“Not one single country, anywhere in the world, is corruption-free; 68% of the countries worldwide have a serious corruption problem,” the global corruption watchdog Transparency International (TI) said (philstar.com, 01.27.2017). The Philippines is number 101 out of 176 countries in the 2016 Corruption Perceptions Index, dropping 10 notches from its 95 out of 168 in 2015, in TI’s ranking according to perceived level of public sector corruption (Rappler, 01.25. 2017).
Most Asian countries including the Philippines, TI noted, were in the bottom half of the rankings, which can be due to “unaccountable governments, lack of oversight, insecurity and shrinking space for civil society, pushing anti-corruption action to the margins in those countries (ABS-CBN News 01.26.2017).” TI thinks that “people turned to populist leaders who promised to break the cycle of corruption and non-inclusion. But this can worsen instead of solve problems — these populist leaders use the corruption-inequality message to drum up support but have no intention of tackling the problem seriously,” TI warns (Ibid.).
And amidst today’s “extensive use of anti-corruption rhetoric” by the powers-that-be (an observation of TI: Ibid.) — the investigations on the corruption and inefficiencies in the Bureau of Customs (BoC), and its possible culpability as principal or accessory in the cleared shipment in May of shabu from China — stymie the braggadocios and hyperboles of the anti-drug and anti-corruption wars.
Senator Sonny Angara called the BoC “one of the most corrupt and underperforming agencies in the country (The Philippine Star, 08.09.2017).” Indeed, how can 604 kilos of drugs worth about P6.25 billion have slipped past the Bureau of Customs? Did the shippers think it was easiest to do this in the Philippines? How could this second largest-ever drug haul have been waved upon entry to the BoC “green lane” — reserved for those long-tested importers with unblemished records? Why are layers of fake or one-time consignees and brokers, sub-brokers tolerated (or not noticed) by the BoC? Why did the BoC take charge beyond its mandate, singularly embark on a raid, and not immediately turn over the untampered, intact drug haul to the Philippine Drug Enforcement Agency (PDEA) as untainted evidence? And, in the first place, how did this huge, hot cargo get cleared for shipment from China? Were there preliminary “arrangements?”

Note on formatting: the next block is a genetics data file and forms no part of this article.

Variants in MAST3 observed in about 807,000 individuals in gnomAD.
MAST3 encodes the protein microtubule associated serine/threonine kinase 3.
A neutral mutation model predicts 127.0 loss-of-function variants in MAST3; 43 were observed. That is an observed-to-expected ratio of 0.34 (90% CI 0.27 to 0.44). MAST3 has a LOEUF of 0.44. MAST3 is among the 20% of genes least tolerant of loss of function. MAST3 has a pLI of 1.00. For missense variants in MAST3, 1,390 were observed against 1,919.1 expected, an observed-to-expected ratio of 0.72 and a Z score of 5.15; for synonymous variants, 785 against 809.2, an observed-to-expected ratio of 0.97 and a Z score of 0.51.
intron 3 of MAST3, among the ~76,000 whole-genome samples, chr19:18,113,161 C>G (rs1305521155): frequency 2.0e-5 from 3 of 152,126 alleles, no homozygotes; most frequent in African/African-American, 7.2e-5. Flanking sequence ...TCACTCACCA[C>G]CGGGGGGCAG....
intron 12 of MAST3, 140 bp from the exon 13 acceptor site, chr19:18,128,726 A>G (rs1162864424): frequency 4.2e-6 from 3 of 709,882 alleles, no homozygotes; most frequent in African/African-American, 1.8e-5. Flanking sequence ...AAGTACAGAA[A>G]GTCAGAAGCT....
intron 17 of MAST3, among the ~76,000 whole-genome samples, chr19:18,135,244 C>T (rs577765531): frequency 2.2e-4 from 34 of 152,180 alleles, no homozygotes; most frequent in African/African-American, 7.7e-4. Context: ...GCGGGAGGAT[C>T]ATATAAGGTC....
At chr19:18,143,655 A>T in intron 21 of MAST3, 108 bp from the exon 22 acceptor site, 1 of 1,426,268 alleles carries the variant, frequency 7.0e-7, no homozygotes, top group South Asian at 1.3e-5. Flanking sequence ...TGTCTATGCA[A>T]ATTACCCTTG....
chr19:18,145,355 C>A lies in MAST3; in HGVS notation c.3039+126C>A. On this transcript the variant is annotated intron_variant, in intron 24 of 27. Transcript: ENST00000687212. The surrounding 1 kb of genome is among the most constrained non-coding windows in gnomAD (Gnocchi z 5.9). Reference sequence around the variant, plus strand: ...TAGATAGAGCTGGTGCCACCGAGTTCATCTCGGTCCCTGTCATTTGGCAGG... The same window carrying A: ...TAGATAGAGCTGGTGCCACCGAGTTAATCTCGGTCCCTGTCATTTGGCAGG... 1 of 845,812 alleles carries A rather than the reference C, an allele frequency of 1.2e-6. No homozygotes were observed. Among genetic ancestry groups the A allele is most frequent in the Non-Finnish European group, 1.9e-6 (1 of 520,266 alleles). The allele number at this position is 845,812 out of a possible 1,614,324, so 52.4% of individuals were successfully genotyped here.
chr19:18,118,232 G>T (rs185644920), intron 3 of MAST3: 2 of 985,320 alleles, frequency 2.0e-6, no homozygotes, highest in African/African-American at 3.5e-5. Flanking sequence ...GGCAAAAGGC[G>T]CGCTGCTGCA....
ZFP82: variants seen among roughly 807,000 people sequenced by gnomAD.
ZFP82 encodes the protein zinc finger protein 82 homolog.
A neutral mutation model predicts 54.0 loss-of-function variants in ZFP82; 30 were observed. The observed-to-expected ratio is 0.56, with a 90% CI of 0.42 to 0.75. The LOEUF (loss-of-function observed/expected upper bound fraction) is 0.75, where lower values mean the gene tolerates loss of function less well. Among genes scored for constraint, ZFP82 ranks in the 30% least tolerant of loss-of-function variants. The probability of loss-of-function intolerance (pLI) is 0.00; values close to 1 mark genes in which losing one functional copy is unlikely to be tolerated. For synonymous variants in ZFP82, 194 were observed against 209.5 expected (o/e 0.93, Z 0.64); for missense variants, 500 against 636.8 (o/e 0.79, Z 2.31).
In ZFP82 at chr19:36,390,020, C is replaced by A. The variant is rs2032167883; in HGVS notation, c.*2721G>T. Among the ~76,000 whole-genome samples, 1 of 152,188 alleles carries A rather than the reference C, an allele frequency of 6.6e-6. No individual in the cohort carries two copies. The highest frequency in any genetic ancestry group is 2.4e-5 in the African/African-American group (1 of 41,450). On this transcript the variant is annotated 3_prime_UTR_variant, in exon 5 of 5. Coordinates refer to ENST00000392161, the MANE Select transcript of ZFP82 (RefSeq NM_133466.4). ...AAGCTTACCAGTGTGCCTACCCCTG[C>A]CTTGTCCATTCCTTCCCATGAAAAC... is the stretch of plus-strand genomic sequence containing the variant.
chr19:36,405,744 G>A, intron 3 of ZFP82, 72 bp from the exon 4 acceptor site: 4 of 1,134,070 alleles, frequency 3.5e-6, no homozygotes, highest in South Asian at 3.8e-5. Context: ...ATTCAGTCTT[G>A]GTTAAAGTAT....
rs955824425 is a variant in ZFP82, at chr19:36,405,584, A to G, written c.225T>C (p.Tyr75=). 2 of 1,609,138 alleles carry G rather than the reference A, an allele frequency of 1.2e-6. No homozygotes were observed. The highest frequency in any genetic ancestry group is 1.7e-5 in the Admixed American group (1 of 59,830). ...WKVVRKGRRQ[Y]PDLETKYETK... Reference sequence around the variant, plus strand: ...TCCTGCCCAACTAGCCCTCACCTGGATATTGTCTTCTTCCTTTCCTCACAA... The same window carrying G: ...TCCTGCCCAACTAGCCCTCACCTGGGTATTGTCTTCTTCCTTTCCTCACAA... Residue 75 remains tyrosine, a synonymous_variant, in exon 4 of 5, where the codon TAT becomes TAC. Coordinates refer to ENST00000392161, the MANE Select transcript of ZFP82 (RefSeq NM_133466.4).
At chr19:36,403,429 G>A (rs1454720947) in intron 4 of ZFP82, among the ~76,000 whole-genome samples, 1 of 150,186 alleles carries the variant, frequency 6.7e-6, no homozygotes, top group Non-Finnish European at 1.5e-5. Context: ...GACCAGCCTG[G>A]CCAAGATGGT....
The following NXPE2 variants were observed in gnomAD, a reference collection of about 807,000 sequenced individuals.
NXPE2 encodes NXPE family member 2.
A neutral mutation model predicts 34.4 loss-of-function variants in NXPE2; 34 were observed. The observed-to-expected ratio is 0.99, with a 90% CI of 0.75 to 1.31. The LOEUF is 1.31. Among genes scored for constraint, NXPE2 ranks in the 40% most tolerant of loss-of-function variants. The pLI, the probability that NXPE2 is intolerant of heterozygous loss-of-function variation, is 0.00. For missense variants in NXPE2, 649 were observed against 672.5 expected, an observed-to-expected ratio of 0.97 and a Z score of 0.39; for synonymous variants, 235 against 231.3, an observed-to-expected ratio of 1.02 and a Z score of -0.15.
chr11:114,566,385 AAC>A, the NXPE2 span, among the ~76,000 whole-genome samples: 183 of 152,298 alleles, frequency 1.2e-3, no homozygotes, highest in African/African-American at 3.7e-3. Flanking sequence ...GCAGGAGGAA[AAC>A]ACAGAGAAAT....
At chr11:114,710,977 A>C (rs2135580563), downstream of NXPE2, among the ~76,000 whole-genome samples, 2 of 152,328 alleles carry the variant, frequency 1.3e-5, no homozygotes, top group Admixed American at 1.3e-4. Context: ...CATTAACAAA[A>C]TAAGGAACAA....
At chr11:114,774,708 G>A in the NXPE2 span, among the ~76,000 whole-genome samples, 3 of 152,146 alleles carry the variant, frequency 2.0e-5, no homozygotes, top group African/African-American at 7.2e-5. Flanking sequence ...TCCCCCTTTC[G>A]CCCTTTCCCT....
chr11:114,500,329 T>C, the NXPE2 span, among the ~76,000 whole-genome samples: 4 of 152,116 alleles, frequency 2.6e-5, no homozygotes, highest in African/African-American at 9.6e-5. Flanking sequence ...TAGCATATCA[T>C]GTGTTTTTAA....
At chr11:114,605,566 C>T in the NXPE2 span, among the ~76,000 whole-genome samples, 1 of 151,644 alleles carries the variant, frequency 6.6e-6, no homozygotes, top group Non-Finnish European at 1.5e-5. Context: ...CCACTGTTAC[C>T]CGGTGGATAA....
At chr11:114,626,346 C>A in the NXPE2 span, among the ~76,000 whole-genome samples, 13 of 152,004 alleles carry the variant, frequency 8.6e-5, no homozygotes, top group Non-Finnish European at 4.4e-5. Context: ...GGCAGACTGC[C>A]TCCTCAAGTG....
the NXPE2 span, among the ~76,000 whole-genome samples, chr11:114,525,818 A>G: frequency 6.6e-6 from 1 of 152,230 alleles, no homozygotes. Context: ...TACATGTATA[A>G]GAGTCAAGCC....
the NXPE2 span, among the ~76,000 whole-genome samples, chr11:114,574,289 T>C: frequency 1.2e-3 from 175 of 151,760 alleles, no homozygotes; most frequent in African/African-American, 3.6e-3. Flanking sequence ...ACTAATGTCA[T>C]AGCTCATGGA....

At the House of Representatives investigations on the shabu shipment, “importer-witness” Mark Taguba told upon oath of P27,000 bribe per container, of which P10,000 allegedly went to the Import Assessment Service (IAS) and the other BoC offices getting only from P500 to P3,000 (Ibid.). If this allegation were true, with about 4,500 containers entering the country each day (Rappler, 06.12.2014), the total daily “take” of (some) BoC personnel would be P120+ million! (P40+ billion a year?)
In a separate report, Rappler, in an interview with a BoC “insider” exposed the earlier “TGIF” (Thank God It’s Friday) ritual at BoC where tainted money in envelopes were distributed to Customs employees and officials amid food, laughter, and chatter in corridors and offices: “Everybody happy (Rappler, 07.26.2013)!” Taguba confirmed at the recent House investigations that this distribution was still going on — a daily “Three-o’clock Habit,” like the 3 p.m. call to prayer to devout Catholics.